Announcing Stack Overflow Documentation

We started with Q&A. Technical documentation is next, and we need your help.

Whether you're a beginner or an experienced developer, you can contribute.

Sign up and start helping → Learn more about Documentation →

Possible Duplicate:
Is there a performance difference between i++ and ++i in C++?

In terms of usage of the following, please rate in terms of execution time in C. In some interviews i was asked which shall i use among these variations and why.

share|improve this question

marked as duplicate by Potatoswatter, Binary Worrier, Judge Maygarden, NullUserException, Loki Astari Aug 24 '10 at 17:23

This question has been asked before and already has an answer. If those answers do not fully address your question, please ask a new question.

You really think you were supposed to answer based on efficiency? Also, your title and question do not agree. I'm taking a guess and editing this. – Matt Ball Aug 24 '10 at 14:28
Is this C, or C++? Because in C++, you can't assume a++ and a+=1 are the same operation (or that the other will even exist if the first one does). – Caleb Huitt - cjhuitt Aug 24 '10 at 14:30
I find the army of answers charging here, all within 2 (!) minutes, interesting. Are we all victims of the same triggering sort of questions? – wilhelmtell Aug 24 '10 at 14:40
-1 for idiocy. If you don't use the result, they are all identical on any non-broken compiler. – R.. Aug 24 '10 at 23:50
For future reference, the use of the imperative mode in the title really grates on my nerves. Don't tell me what to do, ask a question. – dmckee Aug 25 '10 at 0:16

10 Answers 10

up vote 91 down vote accepted

Here is what g++ -S produces:

void irrelevant_low_level_worries()
    int a = 0;
//  movl    $0, -4(%ebp)

//  incl    -4(%ebp)

//  incl    -4(%ebp)

    a = a + 1;
//  incl    -4(%ebp)

    a += 1;
//  incl    -4(%ebp)

So even without any optimizer switches, all four statements compile to the exact same machine code.

share|improve this answer
+1 for the function name – Bob Aug 24 '10 at 14:31
@NullUserException: Err, no, he turned optimization off. +1 – Billy ONeal Aug 24 '10 at 14:36
Make a a global variable and then it won't be optimized away. – wilhelmtell Aug 24 '10 at 14:37
@Null: a is being incremented, so that is not optimized away. if (a++) or (++a) is used, then it's a different situation and can't be compared. This question is mostly for "for (int i = 0; i < 10; ++i) { ... }" – stefaanv Aug 24 '10 at 14:38
@Null: Are you talking about using a++ vs. ++a as part of a larger expression? But then it is irrelevant to measure the performance, because the two expressions yield different results... – fredoverflow Aug 24 '10 at 14:41

You can't rate the execution time in C, because it's not the C code that is executed. You have to profile the executable code compiled with a specific compiler running on a specific computer to get a rating.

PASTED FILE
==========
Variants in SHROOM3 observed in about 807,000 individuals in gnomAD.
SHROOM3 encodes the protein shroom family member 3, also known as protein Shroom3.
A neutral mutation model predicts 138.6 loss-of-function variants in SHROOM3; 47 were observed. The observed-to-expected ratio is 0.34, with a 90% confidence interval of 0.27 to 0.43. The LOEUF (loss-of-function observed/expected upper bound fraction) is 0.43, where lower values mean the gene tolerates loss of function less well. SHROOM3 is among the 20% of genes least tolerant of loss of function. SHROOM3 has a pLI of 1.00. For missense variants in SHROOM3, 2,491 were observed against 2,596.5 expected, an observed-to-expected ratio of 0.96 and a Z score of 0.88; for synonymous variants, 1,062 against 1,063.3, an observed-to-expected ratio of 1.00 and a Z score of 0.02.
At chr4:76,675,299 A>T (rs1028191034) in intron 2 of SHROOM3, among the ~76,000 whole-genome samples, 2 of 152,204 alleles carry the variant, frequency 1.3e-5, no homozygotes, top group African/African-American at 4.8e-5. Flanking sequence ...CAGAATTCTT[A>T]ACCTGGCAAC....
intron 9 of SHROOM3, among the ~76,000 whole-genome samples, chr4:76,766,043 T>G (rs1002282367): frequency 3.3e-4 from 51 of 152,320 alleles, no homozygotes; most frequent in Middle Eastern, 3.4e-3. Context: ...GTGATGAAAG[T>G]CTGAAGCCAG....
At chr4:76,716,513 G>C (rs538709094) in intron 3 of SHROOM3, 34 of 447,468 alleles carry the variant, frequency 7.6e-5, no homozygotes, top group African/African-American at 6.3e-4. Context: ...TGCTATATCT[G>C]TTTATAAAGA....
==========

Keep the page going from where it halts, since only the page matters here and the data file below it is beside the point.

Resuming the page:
Also, rating a single operation doesn't give you something that you can really use. Todays processors execute several instructions in parallel, so the efficiency of an operation relies very much on how well it can be paired with the instructions in the surrounding code.

So, if you really need to use the one that has the best performance, you have to profile the code. Otherwise (which is about 98% of the time) you should use the one that is most readable and best conveys what the code is doing.

share|improve this answer
Translation: This is a stupid question, to which there is no meaningful answer. – Steven Sudit Aug 24 '10 at 14:44
@Steven Sudit: Not a stupid question, but pointless and outdated. The question is based on conditions that were relevant 10 years ago, but today's hardware and programming culture puts completely different focus on how you write code. – Guffa Aug 24 '10 at 15:08
I see your point, but I'm not sure I agree. Even in the days of poorly-optimizing C compilers and processor speeds in the low MHz range, this question didn't have much value. – Steven Sudit Aug 24 '10 at 16:08
@Steven Sudit: Yes, you are right that the question was never of great value, but once upon a time it was at least possible to determine exactly how long each instruction would take on a given computer. – Guffa Aug 24 '10 at 16:14
That's true. Now, as you pointed out, we can only discuss the average time when in a given context, and then only on a given computer. I used to be able to rattle off how many (best-case) clock cycles an operation would take, but that's become somewhat pointless. – Steven Sudit Aug 24 '10 at 16:26

The circumstances where these kinds of things actually matter is very rare and few in between. Most of the time, it doesn't matter at all. In fact I'm willing to bet that this is the case for you.

What is true for one language/compiler/architecture may not be true for others. And really, the fact is irrelevant in the bigger picture anyway. Knowing these things do not make you a better programmer.